Over the next two nights, eight designers sent collections down the runway. The glittery, gauzy Punjabi suits of the Omani designer Anisa al Zadjali demonstrated the cultural proximity to India; Fadi Nahle, a Lebanese wedding specialist, sent a parade of fabulous ruffles and glitter; Shrekahnth, an Indian label, showed custom print kurtas and separates with jarring colors. Meanwhile, Hanaa al-Wahaibi stood out from the other Omani traditionalists. Her brightly colored pants and kurtas had precise fit and tailoring, a rarity in a scene where drape dominates.

The event closed with Dar Dibaj, the vibrant joint effort of Afaf and Aida al-Farsi. These striking Omani sisters are sophisticated traditionalists, whose restraint with the shiny stuff and use of black and white endeared them to Dubai buyers, among others. The two were clearly the darlings of Muscat Fashion Week, and their elegant gowns were the best demonstration of Arab fashion taking a stride forward without sacrificing cultural mores.

Riz Khan - Mother of the revolution

Monday, 21 March 2011

British Muslim who entered Miss Universe contest receives death threat


Shanna Bukhari was subjected to a tide of online hate after entering the British heats of the beauty contest. Now she fears her life could be in danger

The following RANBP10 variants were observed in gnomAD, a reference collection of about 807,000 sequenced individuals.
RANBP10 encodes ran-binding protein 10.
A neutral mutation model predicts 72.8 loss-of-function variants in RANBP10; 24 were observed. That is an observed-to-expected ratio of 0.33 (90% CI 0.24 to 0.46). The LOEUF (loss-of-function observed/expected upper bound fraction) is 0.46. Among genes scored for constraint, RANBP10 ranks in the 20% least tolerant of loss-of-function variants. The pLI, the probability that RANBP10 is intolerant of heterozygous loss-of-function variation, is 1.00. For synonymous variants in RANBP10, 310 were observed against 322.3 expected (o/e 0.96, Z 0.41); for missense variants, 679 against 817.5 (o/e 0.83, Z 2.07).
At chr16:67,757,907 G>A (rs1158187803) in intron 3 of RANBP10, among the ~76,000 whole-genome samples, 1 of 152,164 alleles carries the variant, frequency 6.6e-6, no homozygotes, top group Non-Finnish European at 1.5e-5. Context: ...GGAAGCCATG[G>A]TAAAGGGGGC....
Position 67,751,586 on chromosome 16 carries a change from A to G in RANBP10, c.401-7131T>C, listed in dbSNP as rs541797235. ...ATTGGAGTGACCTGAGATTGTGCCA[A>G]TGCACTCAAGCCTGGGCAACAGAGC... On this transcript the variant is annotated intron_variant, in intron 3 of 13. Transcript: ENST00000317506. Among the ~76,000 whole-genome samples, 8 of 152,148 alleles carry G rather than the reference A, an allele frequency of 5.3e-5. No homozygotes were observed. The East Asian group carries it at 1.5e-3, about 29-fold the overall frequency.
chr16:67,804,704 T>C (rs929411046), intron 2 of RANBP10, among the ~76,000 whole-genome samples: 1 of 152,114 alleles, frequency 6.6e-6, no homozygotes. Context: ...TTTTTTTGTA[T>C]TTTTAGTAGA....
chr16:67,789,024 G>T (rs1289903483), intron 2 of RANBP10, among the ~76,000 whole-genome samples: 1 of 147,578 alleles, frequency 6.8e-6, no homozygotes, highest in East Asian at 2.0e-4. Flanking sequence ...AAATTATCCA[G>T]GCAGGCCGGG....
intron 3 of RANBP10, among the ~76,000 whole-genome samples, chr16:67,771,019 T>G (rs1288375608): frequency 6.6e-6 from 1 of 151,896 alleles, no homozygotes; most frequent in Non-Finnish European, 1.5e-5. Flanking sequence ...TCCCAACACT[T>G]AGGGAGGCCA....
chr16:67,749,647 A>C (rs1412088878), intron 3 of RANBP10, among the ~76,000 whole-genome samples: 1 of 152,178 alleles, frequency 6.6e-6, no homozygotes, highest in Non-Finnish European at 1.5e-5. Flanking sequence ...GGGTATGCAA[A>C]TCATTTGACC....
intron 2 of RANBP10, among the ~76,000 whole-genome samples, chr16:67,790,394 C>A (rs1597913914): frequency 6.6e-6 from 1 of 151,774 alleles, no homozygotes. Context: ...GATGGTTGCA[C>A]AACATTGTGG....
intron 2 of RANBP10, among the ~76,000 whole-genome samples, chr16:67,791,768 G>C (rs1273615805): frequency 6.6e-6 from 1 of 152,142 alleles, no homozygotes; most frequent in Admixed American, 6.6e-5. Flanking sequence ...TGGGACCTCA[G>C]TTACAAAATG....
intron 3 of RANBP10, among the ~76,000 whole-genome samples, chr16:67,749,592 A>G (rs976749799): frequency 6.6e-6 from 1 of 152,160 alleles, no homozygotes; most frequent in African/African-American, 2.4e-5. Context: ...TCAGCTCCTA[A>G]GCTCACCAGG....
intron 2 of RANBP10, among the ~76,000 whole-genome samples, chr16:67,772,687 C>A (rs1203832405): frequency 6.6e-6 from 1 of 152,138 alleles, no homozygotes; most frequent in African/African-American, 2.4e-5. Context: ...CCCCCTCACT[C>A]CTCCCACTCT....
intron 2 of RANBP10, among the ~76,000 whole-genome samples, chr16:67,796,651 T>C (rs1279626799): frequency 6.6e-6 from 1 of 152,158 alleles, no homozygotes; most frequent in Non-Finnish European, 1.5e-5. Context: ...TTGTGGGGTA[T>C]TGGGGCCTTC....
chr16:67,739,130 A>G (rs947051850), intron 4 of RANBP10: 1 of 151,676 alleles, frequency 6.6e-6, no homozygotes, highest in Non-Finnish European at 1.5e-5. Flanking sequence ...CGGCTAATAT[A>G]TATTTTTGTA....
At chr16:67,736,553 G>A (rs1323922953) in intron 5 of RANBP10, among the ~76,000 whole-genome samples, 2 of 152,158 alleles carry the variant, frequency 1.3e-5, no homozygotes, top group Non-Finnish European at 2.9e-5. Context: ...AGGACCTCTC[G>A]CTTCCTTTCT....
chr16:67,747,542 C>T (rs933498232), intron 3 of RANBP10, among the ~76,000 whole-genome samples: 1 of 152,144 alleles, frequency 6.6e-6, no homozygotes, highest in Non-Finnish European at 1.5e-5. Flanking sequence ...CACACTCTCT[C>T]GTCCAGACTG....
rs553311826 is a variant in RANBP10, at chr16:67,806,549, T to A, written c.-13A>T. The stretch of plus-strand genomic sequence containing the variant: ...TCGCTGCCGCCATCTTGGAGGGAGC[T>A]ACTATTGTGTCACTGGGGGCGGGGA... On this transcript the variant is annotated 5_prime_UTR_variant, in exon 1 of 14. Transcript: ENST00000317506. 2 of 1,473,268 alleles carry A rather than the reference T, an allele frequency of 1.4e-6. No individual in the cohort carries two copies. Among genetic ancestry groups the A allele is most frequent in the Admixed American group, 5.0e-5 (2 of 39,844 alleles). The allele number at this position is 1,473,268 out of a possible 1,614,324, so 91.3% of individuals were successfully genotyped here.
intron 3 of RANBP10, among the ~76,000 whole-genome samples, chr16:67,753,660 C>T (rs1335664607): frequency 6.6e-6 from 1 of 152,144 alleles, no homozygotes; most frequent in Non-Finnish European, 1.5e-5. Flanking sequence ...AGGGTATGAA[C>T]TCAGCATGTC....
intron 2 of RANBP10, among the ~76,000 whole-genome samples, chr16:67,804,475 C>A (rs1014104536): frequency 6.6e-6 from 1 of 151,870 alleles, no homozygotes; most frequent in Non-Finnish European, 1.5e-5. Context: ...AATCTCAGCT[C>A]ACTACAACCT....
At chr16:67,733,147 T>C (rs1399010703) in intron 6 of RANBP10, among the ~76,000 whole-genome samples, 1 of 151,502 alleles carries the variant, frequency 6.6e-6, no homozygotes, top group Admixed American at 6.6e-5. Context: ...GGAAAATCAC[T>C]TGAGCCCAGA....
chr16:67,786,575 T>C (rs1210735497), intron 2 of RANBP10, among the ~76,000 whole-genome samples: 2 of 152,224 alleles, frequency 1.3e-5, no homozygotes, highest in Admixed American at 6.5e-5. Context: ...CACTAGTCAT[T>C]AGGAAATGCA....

The Observer, Sunday 20 March 2011 (Copyright all rights reserved)
Mark Townsend

When Shanna Bukhari decided she wanted to be the first Muslim to represent Britain in a global beauty pageant, she suspected the road ahead might not be smooth, but nothing could have prepared her for the abuse she received.

"I have felt in fear for my life," said the 24-year-old Miss Universe contestant. The attacks escalated last week when Bukhari received her first death threat.

The censure has come from various quarters, ranging from Muslims who claim that she is denigrating the name of Islam, to white supremacists who say that an Asian cannot represent the UK, and to women who condemn beauty pageants as an affront to feminism.

Bukhari, born in Blackburn, grew up in Lancashire and is no stranger to intolerance. When she was nine, she ended up in hospital after a man screaming racist abuse had thrown a brick at her, causing so much damage to her stomach that she suffered a blood clot and had to undergo surgery.